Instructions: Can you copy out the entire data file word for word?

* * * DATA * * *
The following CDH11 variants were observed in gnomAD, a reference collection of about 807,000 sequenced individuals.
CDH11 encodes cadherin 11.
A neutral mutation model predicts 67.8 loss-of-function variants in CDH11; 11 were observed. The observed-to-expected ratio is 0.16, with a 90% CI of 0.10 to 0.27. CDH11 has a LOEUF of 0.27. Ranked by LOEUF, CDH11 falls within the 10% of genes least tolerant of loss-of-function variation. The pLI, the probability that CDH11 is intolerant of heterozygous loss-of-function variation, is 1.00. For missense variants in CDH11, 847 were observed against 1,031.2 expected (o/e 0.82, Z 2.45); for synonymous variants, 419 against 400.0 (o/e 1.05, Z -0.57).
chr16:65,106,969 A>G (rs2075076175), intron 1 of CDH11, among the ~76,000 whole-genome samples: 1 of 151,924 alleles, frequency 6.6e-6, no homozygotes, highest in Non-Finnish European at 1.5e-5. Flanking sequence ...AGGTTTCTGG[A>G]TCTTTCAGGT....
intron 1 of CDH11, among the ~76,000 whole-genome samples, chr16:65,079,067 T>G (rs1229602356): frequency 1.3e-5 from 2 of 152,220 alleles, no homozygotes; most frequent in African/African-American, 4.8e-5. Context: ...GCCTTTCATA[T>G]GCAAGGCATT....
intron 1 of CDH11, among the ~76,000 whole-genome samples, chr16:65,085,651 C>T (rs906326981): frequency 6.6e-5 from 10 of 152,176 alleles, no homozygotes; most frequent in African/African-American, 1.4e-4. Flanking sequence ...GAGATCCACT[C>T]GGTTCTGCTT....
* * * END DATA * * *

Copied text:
The following CDH11 variants were observed in gnomAD, a reference collection of about 807,000 sequenced individuals.
CDH11 encodes cadherin 11.
A neutral mutation model predicts 67.8 loss-of-function variants in CDH11; 11 were observed. The observed-to-expected ratio is 0.16, with a 90% CI of 0.10 to 0.27. CDH11 has a LOEUF of 0.27. Ranked by LOEUF, CDH11 falls within the 10% of genes least tolerant of loss-of-function variation. The pLI, the probability that CDH11 is intolerant of heterozygous loss-of-function variation, is 1.00. For missense variants in CDH11, 847 were observed against 1,031.2 expected (o/e 0.82, Z 2.45); for synonymous variants, 419 against 400.0 (o/e 1.05, Z -0.57).
chr16:65,106,969 A>G (rs2075076175), intron 1 of CDH11, among the ~76,000 whole-genome samples: 1 of 151,924 alleles, frequency 6.6e-6, no homozygotes, highest in Non-Finnish European at 1.5e-5. Flanking sequence ...AGGTTTCTGG[A>G]TCTTTCAGGT....
intron 1 of CDH11, among the ~76,000 whole-genome samples, chr16:65,079,067 T>G (rs1229602356): frequency 1.3e-5 from 2 of 152,220 alleles, no homozygotes; most frequent in African/African-American, 4.8e-5. Context: ...GCCTTTCATA[T>G]GCAAGGCATT....
intron 1 of CDH11, among the ~76,000 whole-genome samples, chr16:65,085,651 C>T (rs906326981): frequency 6.6e-5 from 10 of 152,176 alleles, no homozygotes; most frequent in African/African-American, 1.4e-4. Flanking sequence ...GAGATCCACT[C>T]GGTTCTGCTT....